6. No matter how many times you say it, you will still do things you said you were not going to do. Trust your instincts.
    I have to laugh at this one. When preparing for a child, there are so many things you think about doing and not doing. I always said that I wouldn’t be able to nurse my daughter, but I did. Oh, and I did it without pressure from any medical professional. They actually helped me when I was having troubles. We also said that we would never co-sleep. We do. We were nervous at first but Kinsley was sleeping longer and better when she was in our bed instead of by herself. As new parents, you do things you say you would never do. If it benefits you and your child, why not? If it’s not endangering anyone, why not? Be educated but trust your instincts. If it feels right for you, it probably is. 
  7. Resist buying all the clothes.
    This is hard. There are so many cute clothes and outfits. I cannot go to Target without buying clothes for Kinsley. Seriously it is so hard when you see all the cute clothes. BUT…babies grow so quickly that some of the clothes we got were never worn. Kinsley wore sleep’n’plays all the time. We rarely go to parties so those fancy baby dresses we had, we never used. Not to mention they are a pain in the butt to put on. She grew out of a lot of the clothes so now I’m being more cognizant of the clothes and outfit I buy for her.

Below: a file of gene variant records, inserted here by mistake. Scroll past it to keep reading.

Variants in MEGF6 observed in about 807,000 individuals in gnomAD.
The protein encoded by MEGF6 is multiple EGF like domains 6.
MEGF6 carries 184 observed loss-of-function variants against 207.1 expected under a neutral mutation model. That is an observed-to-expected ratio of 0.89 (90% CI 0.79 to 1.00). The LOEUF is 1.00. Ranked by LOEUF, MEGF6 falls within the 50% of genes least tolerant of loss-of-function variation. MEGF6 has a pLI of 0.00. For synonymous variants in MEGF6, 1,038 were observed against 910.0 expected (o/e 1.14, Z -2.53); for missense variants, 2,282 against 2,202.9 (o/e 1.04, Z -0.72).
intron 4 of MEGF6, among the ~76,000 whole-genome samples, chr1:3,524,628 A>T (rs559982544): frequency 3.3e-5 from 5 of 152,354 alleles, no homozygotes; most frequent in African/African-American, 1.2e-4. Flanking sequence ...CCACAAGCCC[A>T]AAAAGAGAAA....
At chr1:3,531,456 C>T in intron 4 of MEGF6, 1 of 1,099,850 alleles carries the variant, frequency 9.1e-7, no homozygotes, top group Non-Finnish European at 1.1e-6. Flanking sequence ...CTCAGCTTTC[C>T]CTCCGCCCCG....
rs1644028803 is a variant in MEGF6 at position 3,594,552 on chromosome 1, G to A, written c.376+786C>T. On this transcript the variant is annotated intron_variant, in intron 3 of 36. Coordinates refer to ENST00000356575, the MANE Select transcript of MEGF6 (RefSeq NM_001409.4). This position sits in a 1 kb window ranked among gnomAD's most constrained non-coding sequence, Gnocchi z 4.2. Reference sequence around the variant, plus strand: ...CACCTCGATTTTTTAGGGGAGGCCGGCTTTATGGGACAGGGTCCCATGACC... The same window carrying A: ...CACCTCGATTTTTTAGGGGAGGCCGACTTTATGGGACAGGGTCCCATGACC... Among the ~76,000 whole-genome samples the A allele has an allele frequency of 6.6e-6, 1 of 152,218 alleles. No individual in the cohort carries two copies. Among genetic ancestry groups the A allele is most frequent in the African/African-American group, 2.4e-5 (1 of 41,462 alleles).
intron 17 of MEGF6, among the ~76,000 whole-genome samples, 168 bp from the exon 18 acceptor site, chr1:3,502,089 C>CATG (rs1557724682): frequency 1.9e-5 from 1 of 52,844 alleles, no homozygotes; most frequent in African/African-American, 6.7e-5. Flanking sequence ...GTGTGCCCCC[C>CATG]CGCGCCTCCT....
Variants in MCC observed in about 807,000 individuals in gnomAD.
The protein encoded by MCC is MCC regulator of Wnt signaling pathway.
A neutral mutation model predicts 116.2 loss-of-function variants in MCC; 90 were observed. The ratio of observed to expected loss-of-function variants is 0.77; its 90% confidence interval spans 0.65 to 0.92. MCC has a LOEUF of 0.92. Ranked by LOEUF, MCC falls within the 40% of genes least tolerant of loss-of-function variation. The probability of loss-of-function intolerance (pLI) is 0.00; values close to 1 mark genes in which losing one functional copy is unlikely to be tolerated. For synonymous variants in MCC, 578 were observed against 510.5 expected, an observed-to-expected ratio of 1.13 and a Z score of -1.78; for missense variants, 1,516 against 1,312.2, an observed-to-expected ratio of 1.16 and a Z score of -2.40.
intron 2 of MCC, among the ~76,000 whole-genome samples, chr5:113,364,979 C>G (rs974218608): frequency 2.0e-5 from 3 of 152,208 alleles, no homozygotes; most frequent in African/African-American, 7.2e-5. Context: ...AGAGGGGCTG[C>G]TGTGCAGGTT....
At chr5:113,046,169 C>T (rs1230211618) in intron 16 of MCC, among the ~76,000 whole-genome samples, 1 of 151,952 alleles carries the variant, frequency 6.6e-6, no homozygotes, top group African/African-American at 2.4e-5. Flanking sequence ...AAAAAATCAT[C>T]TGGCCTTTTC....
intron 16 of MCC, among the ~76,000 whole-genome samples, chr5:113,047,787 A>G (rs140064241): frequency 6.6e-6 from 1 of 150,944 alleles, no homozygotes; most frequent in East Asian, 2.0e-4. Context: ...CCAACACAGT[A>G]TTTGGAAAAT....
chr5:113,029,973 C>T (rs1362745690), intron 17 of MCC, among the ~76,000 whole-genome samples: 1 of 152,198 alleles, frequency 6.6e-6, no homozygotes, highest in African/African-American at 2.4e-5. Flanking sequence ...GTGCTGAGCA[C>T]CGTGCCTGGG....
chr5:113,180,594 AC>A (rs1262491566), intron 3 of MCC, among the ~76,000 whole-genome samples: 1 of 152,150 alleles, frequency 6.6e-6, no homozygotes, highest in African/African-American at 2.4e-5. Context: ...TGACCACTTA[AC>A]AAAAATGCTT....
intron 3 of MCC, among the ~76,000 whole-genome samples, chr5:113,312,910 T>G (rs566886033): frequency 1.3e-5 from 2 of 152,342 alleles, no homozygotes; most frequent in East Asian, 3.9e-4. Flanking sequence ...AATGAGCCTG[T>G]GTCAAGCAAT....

8. Enjoy the moments…including the hard ones.
    Sometimes I find myself needing my phone to be on me constantly. I realize that nothing is more important than being in the moment. It has been enjoyable to experience the things I have with my daughter. Teaching her things and learning how to be a parent as we spend our days together. Of course, I have hundreds and maybe thousands of photos of her, but I spend less time being on my phone and social media now that I have my little girlfriend to keep me occupied. We have days where we struggle and days where it’s all roses. But being someone’s mom is the hardest, most rewarding job there is. I keep reminding myself in those hard moments that time is constantly moving and it is not slowing down. That even when times are hard, it won’t last. So just enjoy the laughs and keep going through the struggles. It’s all worth it.